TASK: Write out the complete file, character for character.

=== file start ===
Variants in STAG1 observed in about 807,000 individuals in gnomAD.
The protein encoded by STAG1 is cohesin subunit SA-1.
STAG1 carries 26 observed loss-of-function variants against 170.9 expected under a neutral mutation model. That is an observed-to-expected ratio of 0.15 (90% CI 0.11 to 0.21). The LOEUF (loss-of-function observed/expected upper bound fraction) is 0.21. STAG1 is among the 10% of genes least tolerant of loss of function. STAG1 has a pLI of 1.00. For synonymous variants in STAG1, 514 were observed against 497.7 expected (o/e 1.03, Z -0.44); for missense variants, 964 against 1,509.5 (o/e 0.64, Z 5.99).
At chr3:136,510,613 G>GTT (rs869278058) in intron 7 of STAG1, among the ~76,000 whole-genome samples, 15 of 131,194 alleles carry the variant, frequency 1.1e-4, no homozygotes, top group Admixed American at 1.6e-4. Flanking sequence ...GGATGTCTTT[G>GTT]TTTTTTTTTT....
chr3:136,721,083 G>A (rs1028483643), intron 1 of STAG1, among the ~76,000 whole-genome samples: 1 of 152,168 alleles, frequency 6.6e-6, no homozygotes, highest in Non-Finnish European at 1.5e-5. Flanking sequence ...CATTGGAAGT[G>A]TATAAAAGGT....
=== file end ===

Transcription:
Variants in STAG1 observed in about 807,000 individuals in gnomAD.
The protein encoded by STAG1 is cohesin subunit SA-1.
STAG1 carries 26 observed loss-of-function variants against 170.9 expected under a neutral mutation model. That is an observed-to-expected ratio of 0.15 (90% CI 0.11 to 0.21). The LOEUF (loss-of-function observed/expected upper bound fraction) is 0.21. STAG1 is among the 10% of genes least tolerant of loss of function. STAG1 has a pLI of 1.00. For synonymous variants in STAG1, 514 were observed against 497.7 expected (o/e 1.03, Z -0.44); for missense variants, 964 against 1,509.5 (o/e 0.64, Z 5.99).
At chr3:136,510,613 G>GTT (rs869278058) in intron 7 of STAG1, among the ~76,000 whole-genome samples, 15 of 131,194 alleles carry the variant, frequency 1.1e-4, no homozygotes, top group Admixed American at 1.6e-4. Flanking sequence ...GGATGTCTTT[G>GTT]TTTTTTTTTT....
chr3:136,721,083 G>A (rs1028483643), intron 1 of STAG1, among the ~76,000 whole-genome samples: 1 of 152,168 alleles, frequency 6.6e-6, no homozygotes, highest in Non-Finnish European at 1.5e-5. Flanking sequence ...CATTGGAAGT[G>A]TATAAAAGGT....